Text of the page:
Drink a tall glass of digestive lassi each day at lunch. Digestive lassi is made by blending fresh plain yogurt (with active cultures) with pure water and digestion-enhancing herbs and spices. Ayurvedic healers highly recommend lassi as a way of replenishing healthy intestinal flora without clogging the channels of the body. Try fresh ginger root, rock salt, dry-roasted and ground cumin, fresh cilantro and organic rosehips in a blend of 40% yogurt and 60% pure water. Lassi and/or yogurt should not be consumed after sundown.
Cook with spices that enhance digestion and fight toxins. Turmeric, black pepper, dried ginger, cumin, cinnamon and fenugreek are good choices. Spices should be eaten cooked, not raw. Either sauté them in a small amount of ghee or olive oil and add to dishes or add during the last 10 minutes of the cooking process. Black pepper, when eaten cooked, is a bio-availability enhancer.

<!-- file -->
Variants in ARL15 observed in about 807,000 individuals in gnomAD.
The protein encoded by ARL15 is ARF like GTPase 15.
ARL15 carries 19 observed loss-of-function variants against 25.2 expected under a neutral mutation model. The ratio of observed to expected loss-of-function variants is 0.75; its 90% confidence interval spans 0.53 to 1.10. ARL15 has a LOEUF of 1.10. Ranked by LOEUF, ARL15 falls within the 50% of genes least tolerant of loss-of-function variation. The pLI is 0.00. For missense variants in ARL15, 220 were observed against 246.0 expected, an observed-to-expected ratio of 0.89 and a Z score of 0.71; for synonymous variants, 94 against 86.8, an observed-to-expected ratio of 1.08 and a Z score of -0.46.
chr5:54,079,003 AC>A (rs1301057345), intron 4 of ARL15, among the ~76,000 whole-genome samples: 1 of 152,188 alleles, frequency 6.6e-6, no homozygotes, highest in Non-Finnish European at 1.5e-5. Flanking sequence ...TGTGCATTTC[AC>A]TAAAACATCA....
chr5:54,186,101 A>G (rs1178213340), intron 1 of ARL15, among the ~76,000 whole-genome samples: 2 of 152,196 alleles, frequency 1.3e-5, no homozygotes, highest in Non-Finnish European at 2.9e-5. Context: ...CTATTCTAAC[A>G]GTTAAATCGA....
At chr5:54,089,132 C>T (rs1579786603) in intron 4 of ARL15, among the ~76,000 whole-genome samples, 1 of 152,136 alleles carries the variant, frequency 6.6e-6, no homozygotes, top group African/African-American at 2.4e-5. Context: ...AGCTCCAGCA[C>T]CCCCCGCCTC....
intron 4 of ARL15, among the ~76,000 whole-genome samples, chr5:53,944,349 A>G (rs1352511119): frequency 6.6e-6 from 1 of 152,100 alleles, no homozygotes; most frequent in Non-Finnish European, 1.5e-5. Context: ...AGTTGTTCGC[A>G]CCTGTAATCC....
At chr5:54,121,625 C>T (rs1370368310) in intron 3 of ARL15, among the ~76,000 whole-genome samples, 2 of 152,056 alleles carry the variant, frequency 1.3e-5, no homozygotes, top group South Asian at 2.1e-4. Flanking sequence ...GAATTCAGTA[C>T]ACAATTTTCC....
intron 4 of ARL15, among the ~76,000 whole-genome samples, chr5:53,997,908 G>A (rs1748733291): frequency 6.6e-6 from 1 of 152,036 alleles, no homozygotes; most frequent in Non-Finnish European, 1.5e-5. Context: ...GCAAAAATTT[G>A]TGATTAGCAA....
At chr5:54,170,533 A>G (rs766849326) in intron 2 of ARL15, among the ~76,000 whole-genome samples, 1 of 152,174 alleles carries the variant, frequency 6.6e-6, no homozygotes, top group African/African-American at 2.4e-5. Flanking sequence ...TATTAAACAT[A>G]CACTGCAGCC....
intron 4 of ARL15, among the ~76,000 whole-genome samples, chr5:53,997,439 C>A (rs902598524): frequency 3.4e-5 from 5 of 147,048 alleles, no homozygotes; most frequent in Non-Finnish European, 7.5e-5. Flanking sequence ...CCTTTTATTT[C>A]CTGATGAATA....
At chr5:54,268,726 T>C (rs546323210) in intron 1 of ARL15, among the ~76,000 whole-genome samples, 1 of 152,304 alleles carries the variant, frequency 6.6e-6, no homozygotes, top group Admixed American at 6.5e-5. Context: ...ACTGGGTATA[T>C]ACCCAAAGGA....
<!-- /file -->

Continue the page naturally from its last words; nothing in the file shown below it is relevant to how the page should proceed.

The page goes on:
Cook some dishes in small amounts of coconut oil or a blend of coconut oil and ghee or olive oil. Coconut oil has antibacterial and anti-fungal properties.
Drink lots of warm water. Regular intake of warm water through the day can help flush toxins out regularly through the urine and perspiration and make it difficult for harmful bacteria or yeast to sit around and breed.
One final word on diet. Ayurvedic healers recommend really paying attention to what specific foods do for your body and making dietary choices that help the most for you as an individual. A wide variety of healthy food choices is available and you can pick the ones that you enjoy and that work for your physiology. Keeping a food journal may be helpful, to help track what you are eating and to hone in on the foods that work the best for you. To stick to healthy eating patterns, your diet has to be enjoyable and appealing.
Deep breathing: Breathing shallow reduces the quantity of life-supporting prana you receive with each breath. Practice deep breathing consciously until it becomes a habit.
Sleep: It is important to get an adequate amount of good-quality sleep each night to replenish energy levels and to give the self-defense mechanisms of the body the opportunity to purify the system. Make it a habit to go to bed before 10 p.m. and rise early.
Exercise: Exercise moderately everyday, choosing types of exercise that are appropriate for your body-type and needs for balance. Exercise in the mornings, and in the fresh air outdoors when you can.